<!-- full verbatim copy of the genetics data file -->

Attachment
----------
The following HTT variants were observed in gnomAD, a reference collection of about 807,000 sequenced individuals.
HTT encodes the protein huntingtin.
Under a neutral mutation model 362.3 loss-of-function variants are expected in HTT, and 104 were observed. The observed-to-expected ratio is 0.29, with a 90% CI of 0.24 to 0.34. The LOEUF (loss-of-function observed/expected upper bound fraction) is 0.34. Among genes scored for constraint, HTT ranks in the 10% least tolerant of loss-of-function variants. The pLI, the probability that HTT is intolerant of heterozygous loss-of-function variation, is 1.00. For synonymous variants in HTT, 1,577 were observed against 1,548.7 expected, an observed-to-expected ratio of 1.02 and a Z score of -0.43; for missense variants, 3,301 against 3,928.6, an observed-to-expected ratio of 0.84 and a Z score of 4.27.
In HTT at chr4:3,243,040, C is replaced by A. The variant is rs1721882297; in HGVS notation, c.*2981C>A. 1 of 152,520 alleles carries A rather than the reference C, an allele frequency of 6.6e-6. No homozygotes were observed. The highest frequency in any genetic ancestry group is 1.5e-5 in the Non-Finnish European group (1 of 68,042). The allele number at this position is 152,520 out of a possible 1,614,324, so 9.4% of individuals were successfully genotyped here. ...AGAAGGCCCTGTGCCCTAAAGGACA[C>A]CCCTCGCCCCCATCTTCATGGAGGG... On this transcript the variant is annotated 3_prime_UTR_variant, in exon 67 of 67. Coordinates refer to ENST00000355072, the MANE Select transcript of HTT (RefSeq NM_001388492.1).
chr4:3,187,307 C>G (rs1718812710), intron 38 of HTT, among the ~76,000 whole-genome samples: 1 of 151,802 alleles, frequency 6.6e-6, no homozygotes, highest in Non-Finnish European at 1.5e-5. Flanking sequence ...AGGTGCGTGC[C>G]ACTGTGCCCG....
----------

The following HTT variants were observed in gnomAD, a reference collection of about 807,000 sequenced individuals.
HTT encodes the protein huntingtin.
Under a neutral mutation model 362.3 loss-of-function variants are expected in HTT, and 104 were observed. The observed-to-expected ratio is 0.29, with a 90% CI of 0.24 to 0.34. The LOEUF (loss-of-function observed/expected upper bound fraction) is 0.34. Among genes scored for constraint, HTT ranks in the 10% least tolerant of loss-of-function variants. The pLI, the probability that HTT is intolerant of heterozygous loss-of-function variation, is 1.00. For synonymous variants in HTT, 1,577 were observed against 1,548.7 expected, an observed-to-expected ratio of 1.02 and a Z score of -0.43; for missense variants, 3,301 against 3,928.6, an observed-to-expected ratio of 0.84 and a Z score of 4.27.
In HTT at chr4:3,243,040, C is replaced by A. The variant is rs1721882297; in HGVS notation, c.*2981C>A. 1 of 152,520 alleles carries A rather than the reference C, an allele frequency of 6.6e-6. No homozygotes were observed. The highest frequency in any genetic ancestry group is 1.5e-5 in the Non-Finnish European group (1 of 68,042). The allele number at this position is 152,520 out of a possible 1,614,324, so 9.4% of individuals were successfully genotyped here. ...AGAAGGCCCTGTGCCCTAAAGGACA[C>A]CCCTCGCCCCCATCTTCATGGAGGG... On this transcript the variant is annotated 3_prime_UTR_variant, in exon 67 of 67. Coordinates refer to ENST00000355072, the MANE Select transcript of HTT (RefSeq NM_001388492.1).
chr4:3,187,307 C>G (rs1718812710), intron 38 of HTT, among the ~76,000 whole-genome samples: 1 of 151,802 alleles, frequency 6.6e-6, no homozygotes, highest in Non-Finnish European at 1.5e-5. Flanking sequence ...AGGTGCGTGC[C>G]ACTGTGCCCG....